- A North American birch with shaggy reddish-brown or orange bark
- black birch: birch of swamps and river bottoms throughout the eastern United States having reddish-brown bark
- It is a deciduous tree growing to 25 m (80 ft), rarely to 30 m (100 ft), high with a trunk up to 50 cm (2 ft), rarely 150 cm (5 ft), diameter, often with multiple trunks.
- Used in discussing the significance of something that is the case
- A piece of information used as evidence or as part of a report or news article
- (fact) a piece of information about circumstances that exist or events that have occurred; “first you must collect all the facts of the case”
- (fact) a statement or assertion of verified information about something that is the case or has happened; “he supported his argument with an impressive array of facts”
- (fact) an event known to have happened or something known to have existed; “your fears have no basis in fact”; “how much of the story is fact and how much fiction is hard to tell”
- A thing that is indisputably the case
- a tall perennial woody plant having a main trunk and branches forming a distinct elevated crown; includes both gymnosperms and angiosperms
- A woody perennial plant, typically having a single stem or trunk growing to a considerable height and bearing lateral branches at some distance from the ground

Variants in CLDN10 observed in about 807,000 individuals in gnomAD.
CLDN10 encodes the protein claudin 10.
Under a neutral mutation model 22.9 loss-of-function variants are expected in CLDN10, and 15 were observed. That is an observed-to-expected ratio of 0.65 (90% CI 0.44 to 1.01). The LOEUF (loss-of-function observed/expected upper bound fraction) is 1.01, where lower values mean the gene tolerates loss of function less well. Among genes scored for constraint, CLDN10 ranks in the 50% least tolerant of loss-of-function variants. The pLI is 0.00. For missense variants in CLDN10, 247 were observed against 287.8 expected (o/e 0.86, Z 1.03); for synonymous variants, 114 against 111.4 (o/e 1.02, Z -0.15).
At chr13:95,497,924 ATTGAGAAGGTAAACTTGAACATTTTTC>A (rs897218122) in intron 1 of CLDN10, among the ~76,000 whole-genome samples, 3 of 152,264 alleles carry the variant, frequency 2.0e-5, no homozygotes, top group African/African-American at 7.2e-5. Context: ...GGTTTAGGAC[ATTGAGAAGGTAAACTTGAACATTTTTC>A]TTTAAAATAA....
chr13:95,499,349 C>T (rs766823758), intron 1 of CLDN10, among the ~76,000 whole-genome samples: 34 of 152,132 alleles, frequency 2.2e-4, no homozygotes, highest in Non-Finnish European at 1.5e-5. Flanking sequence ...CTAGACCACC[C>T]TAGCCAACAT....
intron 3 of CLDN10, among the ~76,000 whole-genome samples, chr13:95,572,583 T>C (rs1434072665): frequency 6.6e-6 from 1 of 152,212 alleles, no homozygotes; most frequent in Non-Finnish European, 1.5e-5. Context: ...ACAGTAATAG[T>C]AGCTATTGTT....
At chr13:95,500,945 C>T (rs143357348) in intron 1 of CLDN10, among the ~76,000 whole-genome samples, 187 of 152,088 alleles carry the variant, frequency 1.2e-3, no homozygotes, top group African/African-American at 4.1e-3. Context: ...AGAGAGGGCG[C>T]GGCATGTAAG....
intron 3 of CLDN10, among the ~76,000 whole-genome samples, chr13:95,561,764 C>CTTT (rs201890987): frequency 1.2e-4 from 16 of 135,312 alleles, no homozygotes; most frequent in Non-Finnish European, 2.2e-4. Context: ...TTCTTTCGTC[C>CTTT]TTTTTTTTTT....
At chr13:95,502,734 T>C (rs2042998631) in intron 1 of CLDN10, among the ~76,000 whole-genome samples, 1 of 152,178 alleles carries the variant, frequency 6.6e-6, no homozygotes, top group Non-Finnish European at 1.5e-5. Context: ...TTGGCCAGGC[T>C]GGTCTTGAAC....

- corner: force a person or an animal into a position from which he cannot escape
- a figure that branches from a single root; “genealogical tree”
- A wooden structure or part of a structure
- (in general use) Any bush, shrub, or herbaceous plant with a tall erect stem, e.g., a banana plant
river birch tree facts – The Ghost
Staying at a dark secluded cabin along the Birch River that his uncle owned seemed like the perfect fly fishing weekend getaway for Paul. Strange occurrences began happening. Would it be enough to prevent the unknown history of the cabin from being repeated? (A short story with about 5500 words). Fifth edition – November 2011.
Dark-eyed Junco [Junco hyemalis]
A widespread and common small sparrow, the Dark-eyed Junco is most familiar as a winter visitor to bird feeders. It comes in several distinctly different looking forms, but all are readily identified as "juncos" by their plain patterning, dark hood, and white outer tail feathers.
* Juncos are the "snowbirds" of the middle latitudes. In the eastern United States, they appear in all but the most northern states only in the winter, and then retreat each spring. Some juncos in the Appalachian Mountains remain there all year round, breeding at the higher elevations. These residents have shorter wings than the migrants that join them each winter. Longer wings help the migrants fly long distances.